Television actor Daniel Henshall as John Bunting will go down in cinema history as one of the most convincing and terrifying psychopaths ever to lurk on our screens. From the very first moment we see him, he’s charming and charismatic while at the same time cold and guarded. His eyes are haunting – I hope for Henshall’s sake that this is part of the performance and not just how he looks because it looks as though his soul is dead. Without cheesy gimmicks or pantomime acting he is unbelievable scary. Bunting was diagnosed as a pure psychopath, and it comes across very convincingly here.
Whilst this movie is more than capable of carrying itself on these performances and the reality of the story, but first time feature director is not content to rest of his laurels. The direction is stunning, whether it’s sweeping landscapes or cramped kitchens Justin Kurzel creates amazing compositions that read deeply into the situations. The movie is told visually, with little reliance on dialogue or exposition – the way a good movie should be and something most studio directors couldn’t achieve. Expect ‘Snowtown’ to be in every Australian film textbook in their next edition.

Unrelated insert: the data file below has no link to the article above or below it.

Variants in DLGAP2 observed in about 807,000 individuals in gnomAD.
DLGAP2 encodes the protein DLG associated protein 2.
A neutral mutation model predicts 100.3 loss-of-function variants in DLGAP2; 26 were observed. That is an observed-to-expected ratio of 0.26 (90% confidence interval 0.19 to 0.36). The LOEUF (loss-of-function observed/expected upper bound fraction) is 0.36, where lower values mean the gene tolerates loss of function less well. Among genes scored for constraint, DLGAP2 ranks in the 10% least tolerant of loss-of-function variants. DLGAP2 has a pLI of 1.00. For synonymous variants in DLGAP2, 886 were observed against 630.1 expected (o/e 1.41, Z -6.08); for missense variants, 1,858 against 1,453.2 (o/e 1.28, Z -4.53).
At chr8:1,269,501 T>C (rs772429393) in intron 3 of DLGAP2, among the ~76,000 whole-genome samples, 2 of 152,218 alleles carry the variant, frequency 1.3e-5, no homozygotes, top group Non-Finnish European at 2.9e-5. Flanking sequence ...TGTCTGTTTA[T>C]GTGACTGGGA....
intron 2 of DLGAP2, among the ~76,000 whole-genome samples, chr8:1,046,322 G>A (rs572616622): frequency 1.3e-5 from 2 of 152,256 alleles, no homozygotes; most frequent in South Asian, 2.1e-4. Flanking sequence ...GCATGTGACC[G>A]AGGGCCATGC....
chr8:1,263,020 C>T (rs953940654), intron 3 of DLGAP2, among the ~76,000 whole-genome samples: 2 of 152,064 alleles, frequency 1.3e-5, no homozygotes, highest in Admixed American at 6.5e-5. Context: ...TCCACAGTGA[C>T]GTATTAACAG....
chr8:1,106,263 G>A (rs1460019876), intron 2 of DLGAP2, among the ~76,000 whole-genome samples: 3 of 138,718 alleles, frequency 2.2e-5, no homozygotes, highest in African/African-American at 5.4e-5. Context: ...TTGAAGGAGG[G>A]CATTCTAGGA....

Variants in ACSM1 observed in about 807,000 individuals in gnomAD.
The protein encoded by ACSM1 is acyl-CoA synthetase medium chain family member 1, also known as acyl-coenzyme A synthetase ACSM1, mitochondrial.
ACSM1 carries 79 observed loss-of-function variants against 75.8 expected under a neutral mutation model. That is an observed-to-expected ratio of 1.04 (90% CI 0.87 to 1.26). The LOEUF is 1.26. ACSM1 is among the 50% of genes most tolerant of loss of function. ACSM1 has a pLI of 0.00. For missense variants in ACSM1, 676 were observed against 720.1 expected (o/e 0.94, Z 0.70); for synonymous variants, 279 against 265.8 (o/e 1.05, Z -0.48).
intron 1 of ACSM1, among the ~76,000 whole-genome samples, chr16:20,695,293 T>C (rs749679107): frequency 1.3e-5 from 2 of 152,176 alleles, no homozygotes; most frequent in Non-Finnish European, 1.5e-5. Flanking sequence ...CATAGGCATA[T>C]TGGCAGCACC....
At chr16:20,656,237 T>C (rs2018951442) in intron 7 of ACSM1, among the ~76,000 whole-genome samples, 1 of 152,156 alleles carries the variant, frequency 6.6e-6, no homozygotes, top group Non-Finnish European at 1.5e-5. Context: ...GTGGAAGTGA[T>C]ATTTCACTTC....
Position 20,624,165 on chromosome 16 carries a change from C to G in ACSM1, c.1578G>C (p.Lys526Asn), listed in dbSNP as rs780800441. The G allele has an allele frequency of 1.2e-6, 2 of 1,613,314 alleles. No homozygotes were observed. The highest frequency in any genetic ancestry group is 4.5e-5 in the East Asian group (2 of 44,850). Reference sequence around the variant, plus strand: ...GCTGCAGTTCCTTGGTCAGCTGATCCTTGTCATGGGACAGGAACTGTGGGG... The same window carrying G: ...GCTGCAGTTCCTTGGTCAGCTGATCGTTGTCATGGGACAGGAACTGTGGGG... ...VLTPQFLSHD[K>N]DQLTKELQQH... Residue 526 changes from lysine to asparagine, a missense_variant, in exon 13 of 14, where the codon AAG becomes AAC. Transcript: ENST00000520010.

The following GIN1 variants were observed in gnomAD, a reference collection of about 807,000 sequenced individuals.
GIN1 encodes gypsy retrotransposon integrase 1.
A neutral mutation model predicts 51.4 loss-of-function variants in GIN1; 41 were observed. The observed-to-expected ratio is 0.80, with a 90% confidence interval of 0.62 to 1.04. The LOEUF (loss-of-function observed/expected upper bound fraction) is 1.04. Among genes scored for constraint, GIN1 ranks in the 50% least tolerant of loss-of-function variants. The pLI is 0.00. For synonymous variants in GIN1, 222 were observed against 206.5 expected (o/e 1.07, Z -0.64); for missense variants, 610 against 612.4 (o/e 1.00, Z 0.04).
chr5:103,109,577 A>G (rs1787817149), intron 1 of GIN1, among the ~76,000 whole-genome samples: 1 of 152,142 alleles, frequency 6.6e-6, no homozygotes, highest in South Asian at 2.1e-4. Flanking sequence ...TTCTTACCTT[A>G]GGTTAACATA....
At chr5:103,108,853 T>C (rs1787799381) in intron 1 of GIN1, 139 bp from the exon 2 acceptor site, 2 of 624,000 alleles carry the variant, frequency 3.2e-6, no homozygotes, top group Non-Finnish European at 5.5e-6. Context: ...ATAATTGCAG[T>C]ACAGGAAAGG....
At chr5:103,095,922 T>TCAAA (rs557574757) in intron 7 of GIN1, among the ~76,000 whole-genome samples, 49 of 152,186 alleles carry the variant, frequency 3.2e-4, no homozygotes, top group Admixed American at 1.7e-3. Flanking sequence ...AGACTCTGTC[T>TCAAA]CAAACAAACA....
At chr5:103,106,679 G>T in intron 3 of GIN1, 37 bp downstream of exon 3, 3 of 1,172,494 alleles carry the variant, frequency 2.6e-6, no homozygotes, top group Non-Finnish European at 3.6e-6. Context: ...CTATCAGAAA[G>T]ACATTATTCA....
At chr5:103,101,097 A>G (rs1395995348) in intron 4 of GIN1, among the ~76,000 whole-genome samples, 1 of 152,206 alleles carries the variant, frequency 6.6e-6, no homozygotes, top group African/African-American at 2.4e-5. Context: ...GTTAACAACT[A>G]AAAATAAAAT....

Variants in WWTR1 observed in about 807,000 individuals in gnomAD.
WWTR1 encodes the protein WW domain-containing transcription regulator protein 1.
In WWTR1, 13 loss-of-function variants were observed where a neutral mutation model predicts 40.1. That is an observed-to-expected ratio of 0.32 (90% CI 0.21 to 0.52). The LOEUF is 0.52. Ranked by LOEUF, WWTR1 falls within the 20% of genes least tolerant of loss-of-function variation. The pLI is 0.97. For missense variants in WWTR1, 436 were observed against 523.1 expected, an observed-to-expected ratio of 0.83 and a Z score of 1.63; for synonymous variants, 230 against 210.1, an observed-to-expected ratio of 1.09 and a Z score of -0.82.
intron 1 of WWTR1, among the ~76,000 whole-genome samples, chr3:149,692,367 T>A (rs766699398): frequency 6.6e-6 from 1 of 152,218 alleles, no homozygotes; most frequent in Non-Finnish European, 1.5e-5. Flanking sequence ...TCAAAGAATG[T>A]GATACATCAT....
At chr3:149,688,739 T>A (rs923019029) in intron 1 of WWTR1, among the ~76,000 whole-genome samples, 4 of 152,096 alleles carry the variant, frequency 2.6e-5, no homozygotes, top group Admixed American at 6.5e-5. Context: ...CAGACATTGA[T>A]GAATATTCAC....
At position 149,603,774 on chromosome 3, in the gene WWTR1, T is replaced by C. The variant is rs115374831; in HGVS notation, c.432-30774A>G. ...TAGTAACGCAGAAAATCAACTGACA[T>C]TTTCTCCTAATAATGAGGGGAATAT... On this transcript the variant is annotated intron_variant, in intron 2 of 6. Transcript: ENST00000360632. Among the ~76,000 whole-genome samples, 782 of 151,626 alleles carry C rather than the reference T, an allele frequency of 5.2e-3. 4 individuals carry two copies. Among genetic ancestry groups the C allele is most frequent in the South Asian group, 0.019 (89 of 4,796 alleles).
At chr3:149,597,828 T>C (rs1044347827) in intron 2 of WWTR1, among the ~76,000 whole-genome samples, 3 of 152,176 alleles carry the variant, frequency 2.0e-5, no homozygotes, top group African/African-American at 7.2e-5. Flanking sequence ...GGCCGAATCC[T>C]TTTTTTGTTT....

There a only a few scenes of violence in this films, but those that occur are shocking and nauseating re-creations of horrific acts. Do not see this movie if you don’t think you can handle this – the violence is close up, brutal and the killers are deeply disturbing during these scenes. Seeing Bunting watch with interest as they loosen and tighten the noose on a victim, not allowing him to die, it is downright harrowing.
As difficult as it is to watch, ‘Snowtown’ is one of the must see movies of the year.
The Australian DVD
Audio/Video: The video is a 16:9 widescreen presentation. Picture quality is solid, the film looks a little grainy but feels intentional in giving it that realistic feel. Audio is presented with Dolby Digital 5.1. Sound is of top quality, you feel every little thing that happens in the film.
* Audio commentary with director Justin Kurzel – A fantastic commentary, Justin is insightful and reveals a lot about the film, how it was made, his approach, the case itself. A must listen!
* Deleted scenes with audio commentary – Interesting to see what was cut and why it was cut, personally I like the film the way it is but as I said it’s interesting to see what else was shot but not included.
* Interview with director Justin Kurzel, courtesy of SlowTV – A great sit down interview, Justin is a great talker and again its insightful and a good watch.
* Original casting footage – I really liked this, and it kind of shows why he chose the people he did.
* The Snowtown Crimes – A quick written run down of the crimes, a good read if you are unfamiliar with it.
* Justin Kurzel’s short films BLUE TONGUE, BELL and PULSE – Pretty cool short films, Justin is a very talented filmmaker.
* Stills Gallery
* Theatrical trailer
The extras here are phenomenal, worth watching all the way through.
Thanks to Ben from MadMan for his support.